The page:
Paver patios can be a relaxing space for clients to relax year round if they’re installed correctly.
To create a seamless patio, landscapers need to have certain design, material and lighting techniques in their toolbox.
Here’s how to give clients the perfect patio for their backyard.
Shapes & sizes
Like with any project, it’s important to listen to the customer and know what they want, says Joe Schaeffer, Hughes Landscaping in Poolesville, Maryland. “Do a design, even if it’s a crude scribble on a napkin,” he says. “Have a good idea of what you want to end up with, and build it in a timely manner.”
Make sure the patio footing is solid, strong and sloped correctly, Schaeffer says.
Another part of the planning process should also include the layout. “Map out the specific pieces you want to use if you can, or follow a suggested pattern for pavers.”
Landscapers should also determine what the space is going to be used for, how many people will it need to facilitate, the lay of the land and what type of products are going to be used.
For tighter areas, Schaeffer suggests angular shapes since the property line and foundation-created restrictions are generally along straight lines.
If a client has a fire pit, a perfect-circle patio seems to be more favorable. But, Schaeffer stays away from free-form patios.
“When I have no restrictions, it will be a mix of straight lines and subtle or sweeping curves to create a more elegant look,” he says.
With the budget or space is large or small, landscapers can create the right space for any project with the right planning. “The patio being too small would only arise due to budget constraints or poor planning,” Schaeffer says. “I would be able to direct a customer to the necessary size patio based on the intended use of the space.”
“Even in a tight spot, with properly placed visual breaks – such as plantings – a patio could sit on a large majority of any defined space and not look overwhelming,” Schaeffer says.
What to avoid
Planning especially is important to prevent mistakes and creating patios that will not please clients.
“Total lack of creativity becomes apparent with the big-blob patios,” Schaeffer says. “People think that a patio will look good as long as they add a ton of curves all over the place. Abstract art and natural stone hardscaping rarely complement one another.”
Another issue he has seen is when poor footings have lead to a premature failure of the patio, which becomes evident when the stones start to dislodge. “Careless lay of stones is a result of poor skills.”
If landscapers want to build a random geometric stone patio, the shapes should all be quadrilateral. “It is the most standard form of a flagstone patio,” he says. “There should never be an L-shaped piece because the layer did not plan correctly.”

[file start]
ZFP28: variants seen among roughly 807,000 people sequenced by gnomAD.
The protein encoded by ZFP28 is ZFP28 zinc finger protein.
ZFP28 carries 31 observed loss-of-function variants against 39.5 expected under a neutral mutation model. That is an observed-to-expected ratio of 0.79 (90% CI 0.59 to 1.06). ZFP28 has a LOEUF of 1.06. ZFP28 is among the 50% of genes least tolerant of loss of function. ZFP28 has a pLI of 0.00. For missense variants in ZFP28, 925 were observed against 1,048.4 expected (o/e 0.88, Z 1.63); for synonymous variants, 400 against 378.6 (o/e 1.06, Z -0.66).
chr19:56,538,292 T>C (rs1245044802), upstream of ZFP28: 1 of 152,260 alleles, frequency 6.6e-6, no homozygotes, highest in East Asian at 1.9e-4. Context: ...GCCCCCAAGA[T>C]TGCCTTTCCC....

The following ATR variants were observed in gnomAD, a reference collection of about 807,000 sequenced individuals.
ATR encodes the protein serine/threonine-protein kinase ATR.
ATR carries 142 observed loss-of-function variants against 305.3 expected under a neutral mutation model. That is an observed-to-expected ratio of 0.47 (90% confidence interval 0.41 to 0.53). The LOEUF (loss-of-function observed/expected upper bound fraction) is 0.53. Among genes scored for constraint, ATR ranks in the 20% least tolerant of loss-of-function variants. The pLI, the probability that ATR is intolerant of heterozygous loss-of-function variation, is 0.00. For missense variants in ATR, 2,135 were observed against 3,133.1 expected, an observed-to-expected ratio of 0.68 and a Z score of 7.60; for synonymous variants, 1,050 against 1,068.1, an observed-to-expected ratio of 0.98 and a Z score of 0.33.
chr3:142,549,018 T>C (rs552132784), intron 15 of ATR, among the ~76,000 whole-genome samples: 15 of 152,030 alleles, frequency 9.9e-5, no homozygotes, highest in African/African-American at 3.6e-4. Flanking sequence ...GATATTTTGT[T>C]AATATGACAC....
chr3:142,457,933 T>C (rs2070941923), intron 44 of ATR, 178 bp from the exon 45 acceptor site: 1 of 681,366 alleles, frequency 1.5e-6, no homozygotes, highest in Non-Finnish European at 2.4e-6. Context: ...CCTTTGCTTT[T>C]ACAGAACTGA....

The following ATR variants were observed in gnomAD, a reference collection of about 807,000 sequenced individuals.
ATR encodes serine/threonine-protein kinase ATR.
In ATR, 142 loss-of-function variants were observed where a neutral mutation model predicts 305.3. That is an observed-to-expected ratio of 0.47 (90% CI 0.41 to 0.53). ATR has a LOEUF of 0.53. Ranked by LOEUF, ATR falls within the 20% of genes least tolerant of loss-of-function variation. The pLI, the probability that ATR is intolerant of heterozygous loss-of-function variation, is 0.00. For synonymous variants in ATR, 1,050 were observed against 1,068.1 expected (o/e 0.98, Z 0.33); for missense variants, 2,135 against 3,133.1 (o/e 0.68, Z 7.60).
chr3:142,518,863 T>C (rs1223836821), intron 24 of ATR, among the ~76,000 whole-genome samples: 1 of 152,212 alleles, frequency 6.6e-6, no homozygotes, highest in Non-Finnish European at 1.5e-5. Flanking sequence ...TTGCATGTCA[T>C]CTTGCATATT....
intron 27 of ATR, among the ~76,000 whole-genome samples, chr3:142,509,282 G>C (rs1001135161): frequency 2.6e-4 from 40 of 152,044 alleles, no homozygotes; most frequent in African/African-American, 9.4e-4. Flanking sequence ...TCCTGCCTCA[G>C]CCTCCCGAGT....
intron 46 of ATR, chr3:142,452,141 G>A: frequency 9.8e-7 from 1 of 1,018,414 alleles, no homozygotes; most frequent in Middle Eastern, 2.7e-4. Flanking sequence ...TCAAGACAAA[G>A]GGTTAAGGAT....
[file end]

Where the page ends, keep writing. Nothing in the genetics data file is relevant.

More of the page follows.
When it comes to joints filled with mortar, installers should make sure they never span the length of more than three stones in sequence. “Long lines within a random lay again screams poor planning,” Schaeffer says. “Mortar pouring out over the stones from the joints looks horrible, too.”
For products, he prefers natural products such as using flagstone in a variety of colors and shapes with clay pavers as accents. “Once a material is used in any portion of the yard, I like that same material to at least be complimented in all of the other additional flat spaces.”
Concrete pavers come with a range of design features and colors, so they can be preferable as well, he says. He suggests those for driveways.
“I never like to have a sea of any one material in a large patio,” Schaeffer says. “Inlays are key to break up the monotony of large patio spaces.”
The demand for patio lighting continues to grow, says Andrew Coleman, outdoor lighting designer with McKay Landscape Lighting in Omaha, Nebraska.
“With the growth of modern technology, the homeowner has more options for lighting control to adapt to their lifestyle,” Coleman says. “Outdoor lighting is just one piece to the puzzle, but it seems to be one of the most popular options when properly installed to help extend their living space for all seasons.”
Seat wall, path and post lights are trending, Coleman says. He’s also seeing a lot of customers wanting LED tape around outdoor kitchens and specialty lights, like tiki torches or hand-blown glass spheres.
When trying to decide where to place the patio lights, Coleman suggests asking these three questions to find the answer:
- Where are the mature trees?
- Are there streetlights or a neighbor’s yard that might provide competing light?
- How will your client use their outdoor space?
Landscapers should also try to illuminate entry and exit points, changes in elevation and seating areas such as seat walls around the patio.
When adding lights, Coleman says it’s important to play ahead. “Design and install PVC sleeves under the patio or in the columns and seat walls during construction,” he says. It’s important to bring it up early on in the process.
“Unfortunately, lighting is normally the last thing people think about, but it ends up being the most enjoyment item clients pay forward after it has been installed,” Coleman says.
His clients’ favorite paver style has consistently been random geometric flagstone, and the majority of the time, they want them set in mortar over concrete.
In addition to lighting, landscape contractors can also install a variety of other components that will compliment the patio.
“Sitting walls offer a definition of the perimeter of the patio without creating a boxed-in feeling,” Schaeffer says. “Extra seating is always a bonus, as well.”
Water features and fire pits are other popular additions for hardscaped areas.
“There’s no better way to get people to use the patio at any point through the season than with a fire pit,” Schaeffer says. “We have used quite a few gas fire pits, which are extremely easy to use. Press a button on and off, and there’s no cleanup or maintenance.”